Mary E. Williams and Katharine Rolston Fisher.

LAIRD & LEE, CHICAGO. 5x71. School Management and Methods of Instruction. With Edison's Handy Encyclopedia of General Information special reference to elementary schools. By George

and Universal Atlas. Compiled by Thomas F. Edison, Collar, B. A., B. Sc., and Charles W. Crook, B. A., A. M., assisted by Fred T. Bailey and Charles J. B. Sc. 48x7.

Westinghouse. 4x57. .50. Experimental Psychology. A Manual of Laboratory Wed by Mighty Waves. A Thrilling Romance of IlPractice. By Edward Bradford Titchener. Volume

fated Galveston. By Sue Greenleaf. Illustrated. I. 6x87. $1.60.

51 x 73..75. Outlines of Educational Doctrine. By John Frederick The New Century Standard Letter-Writer. By Alfred Herbart. Translated by Alexis F. Lange, Ph. D.

B. Chambers, Ph. D. 54 x 74. .75. Annotated by Charles De Garmo, Ph. D. 57 x 77. The New Conklin's Handy Manual of Useful Informa$1.25.

tion and World's Atlas. Compiled by Geo. W. Conk. History, Prophecy and the Monuments; or, Israel and lin, of the Hamilton University. 4x 51. .25.

the Nations. By James Frederick McCurdy, Ph. D., Lee's American Automobile Annual for 1901. Edited LL. D. Volume III. Completing the work. 58 x 84.

by Alfred B. Chambers, Ph. D. Illustrated. 41 x 63. $3.00. The Child: His Nature and Nurture. (The Temple

HENRY HOLT & co., NEW YORK. Primers.) By W. B. Drummond, M. B., C. M., M. High School History of the United States. With maps, R. C. P. E. 4x6. .40.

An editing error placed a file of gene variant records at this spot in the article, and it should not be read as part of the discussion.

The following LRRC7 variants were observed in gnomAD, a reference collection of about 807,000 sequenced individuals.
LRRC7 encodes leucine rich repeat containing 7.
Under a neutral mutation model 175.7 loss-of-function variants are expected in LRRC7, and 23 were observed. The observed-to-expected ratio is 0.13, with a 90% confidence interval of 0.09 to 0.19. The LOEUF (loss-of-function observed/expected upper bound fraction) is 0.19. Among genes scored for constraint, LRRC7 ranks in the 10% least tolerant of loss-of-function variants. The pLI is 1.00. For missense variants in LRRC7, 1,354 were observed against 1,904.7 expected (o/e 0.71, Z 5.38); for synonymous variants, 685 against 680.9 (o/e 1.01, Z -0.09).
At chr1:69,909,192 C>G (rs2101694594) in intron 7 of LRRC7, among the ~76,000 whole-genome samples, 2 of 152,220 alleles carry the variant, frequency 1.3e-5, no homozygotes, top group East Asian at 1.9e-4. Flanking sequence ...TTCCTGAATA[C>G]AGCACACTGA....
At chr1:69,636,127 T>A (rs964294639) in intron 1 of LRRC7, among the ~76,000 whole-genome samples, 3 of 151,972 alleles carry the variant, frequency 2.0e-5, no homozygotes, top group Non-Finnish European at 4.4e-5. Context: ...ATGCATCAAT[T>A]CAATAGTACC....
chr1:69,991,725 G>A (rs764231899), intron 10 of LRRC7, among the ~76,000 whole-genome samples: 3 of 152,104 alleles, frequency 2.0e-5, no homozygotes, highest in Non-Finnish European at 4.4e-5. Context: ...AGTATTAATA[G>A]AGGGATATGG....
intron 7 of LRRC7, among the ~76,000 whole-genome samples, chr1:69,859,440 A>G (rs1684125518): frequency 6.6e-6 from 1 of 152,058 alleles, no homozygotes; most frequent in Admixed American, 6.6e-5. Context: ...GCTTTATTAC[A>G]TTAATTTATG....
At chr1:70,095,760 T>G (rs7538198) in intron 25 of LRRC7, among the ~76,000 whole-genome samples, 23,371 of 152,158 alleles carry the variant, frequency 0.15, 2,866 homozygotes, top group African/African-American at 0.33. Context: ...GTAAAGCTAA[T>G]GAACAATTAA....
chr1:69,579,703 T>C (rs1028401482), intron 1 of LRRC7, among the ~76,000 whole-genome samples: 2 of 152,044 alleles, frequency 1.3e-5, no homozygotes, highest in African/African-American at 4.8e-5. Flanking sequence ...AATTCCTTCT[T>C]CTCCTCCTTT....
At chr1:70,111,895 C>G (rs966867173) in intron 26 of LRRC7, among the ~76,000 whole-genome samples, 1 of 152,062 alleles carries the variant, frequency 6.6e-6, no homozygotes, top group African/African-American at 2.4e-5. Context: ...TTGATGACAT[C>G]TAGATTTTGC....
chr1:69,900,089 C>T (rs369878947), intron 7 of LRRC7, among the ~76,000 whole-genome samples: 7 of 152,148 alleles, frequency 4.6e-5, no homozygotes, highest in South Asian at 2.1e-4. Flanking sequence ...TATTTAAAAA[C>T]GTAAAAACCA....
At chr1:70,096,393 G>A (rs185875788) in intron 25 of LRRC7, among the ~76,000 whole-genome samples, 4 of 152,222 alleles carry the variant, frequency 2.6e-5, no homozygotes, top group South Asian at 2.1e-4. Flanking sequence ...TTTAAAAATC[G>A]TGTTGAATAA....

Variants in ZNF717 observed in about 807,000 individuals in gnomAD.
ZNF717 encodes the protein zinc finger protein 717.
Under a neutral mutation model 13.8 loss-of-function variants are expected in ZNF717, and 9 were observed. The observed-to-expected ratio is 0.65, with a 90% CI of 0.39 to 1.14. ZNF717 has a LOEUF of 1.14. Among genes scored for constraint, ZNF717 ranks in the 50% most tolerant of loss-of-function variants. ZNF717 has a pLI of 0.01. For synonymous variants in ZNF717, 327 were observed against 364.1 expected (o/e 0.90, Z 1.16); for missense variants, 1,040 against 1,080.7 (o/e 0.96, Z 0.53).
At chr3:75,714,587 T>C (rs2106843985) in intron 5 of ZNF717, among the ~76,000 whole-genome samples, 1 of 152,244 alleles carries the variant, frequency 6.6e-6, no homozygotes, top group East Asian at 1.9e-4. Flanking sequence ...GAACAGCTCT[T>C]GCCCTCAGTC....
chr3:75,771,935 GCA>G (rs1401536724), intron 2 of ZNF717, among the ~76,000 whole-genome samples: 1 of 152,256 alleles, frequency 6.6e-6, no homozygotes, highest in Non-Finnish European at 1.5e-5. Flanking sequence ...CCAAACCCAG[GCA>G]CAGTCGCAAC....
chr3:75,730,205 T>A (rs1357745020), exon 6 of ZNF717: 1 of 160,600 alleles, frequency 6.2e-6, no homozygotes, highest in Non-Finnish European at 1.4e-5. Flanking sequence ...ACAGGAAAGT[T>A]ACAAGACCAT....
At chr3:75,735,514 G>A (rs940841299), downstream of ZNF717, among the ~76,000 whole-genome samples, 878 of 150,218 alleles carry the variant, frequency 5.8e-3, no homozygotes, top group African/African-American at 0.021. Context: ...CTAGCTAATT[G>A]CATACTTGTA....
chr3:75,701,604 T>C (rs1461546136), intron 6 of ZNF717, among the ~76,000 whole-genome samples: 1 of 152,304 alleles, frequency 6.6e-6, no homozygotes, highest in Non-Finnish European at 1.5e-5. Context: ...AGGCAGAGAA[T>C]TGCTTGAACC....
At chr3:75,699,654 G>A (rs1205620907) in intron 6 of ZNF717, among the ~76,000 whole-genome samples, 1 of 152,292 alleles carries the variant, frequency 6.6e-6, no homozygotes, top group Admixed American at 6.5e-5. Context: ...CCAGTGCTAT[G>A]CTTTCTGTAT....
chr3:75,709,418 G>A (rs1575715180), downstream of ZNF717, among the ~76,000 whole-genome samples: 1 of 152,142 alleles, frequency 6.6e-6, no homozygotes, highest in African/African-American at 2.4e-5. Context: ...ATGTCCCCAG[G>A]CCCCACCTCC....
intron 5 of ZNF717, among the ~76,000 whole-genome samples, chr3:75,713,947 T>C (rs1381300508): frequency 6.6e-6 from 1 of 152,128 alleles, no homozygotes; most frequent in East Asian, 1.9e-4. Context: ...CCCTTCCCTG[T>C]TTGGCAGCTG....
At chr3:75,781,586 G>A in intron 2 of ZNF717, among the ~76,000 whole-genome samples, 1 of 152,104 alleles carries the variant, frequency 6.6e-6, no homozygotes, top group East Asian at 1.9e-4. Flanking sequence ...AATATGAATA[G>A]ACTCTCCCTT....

plans, and illustrations. (History of the United The Common Sense of Commercial Arithmetic. By States for Schools, by Alexander Johnston, LL. D.) George Hall. 48x7. .60.

Revised by Winthrop More Daniels, M. A., and WillA History of Rome. For High Schools and Academies. iam MacDonald, Ph. D. 59 x 8. By George Willis Botsford, Ph. D. 54 x 8. $1.10. The German and Swiss Settlements of Colonial Pennsyl

vania: A Study of the So-Called Pennsylvania Dutch. HOUGHTON, MIFFLIN & co., BOSTON.

By Oscar Kuhns. 53 x 74. The Autobiography of a Journalist. By William James The Rise of the Swiss Republic. A History. By W.

Stillman. In two volumes. Each 6 x 8). $6.00 a set. D. McCrackan, M. A. Second edition, revised and A Soldier of Virginia. By Burton Egbert Stevenson. enlarged. 5* x 91. 5x8. $1.50.

Selections from the Poetry of Alexander Pope. Edited The Life and Literature of the Ancient Hebrews. By with an introduction and notes by Edward Bliss Reed, Lyman Abbott. 5x8. $2.00.

Ph. D. 45 x 6ỷ.

$10 SECURES $400.00 LOT

IN GREATER NEW YORK

FREE TRIP TO NEW YORK CITY AND RETURN $2,000,000 Insures Your Investment—The Astors' Way of Making Money Made

Possible to Small lavestors—$10 Secures $400 Lot which is Guaranteed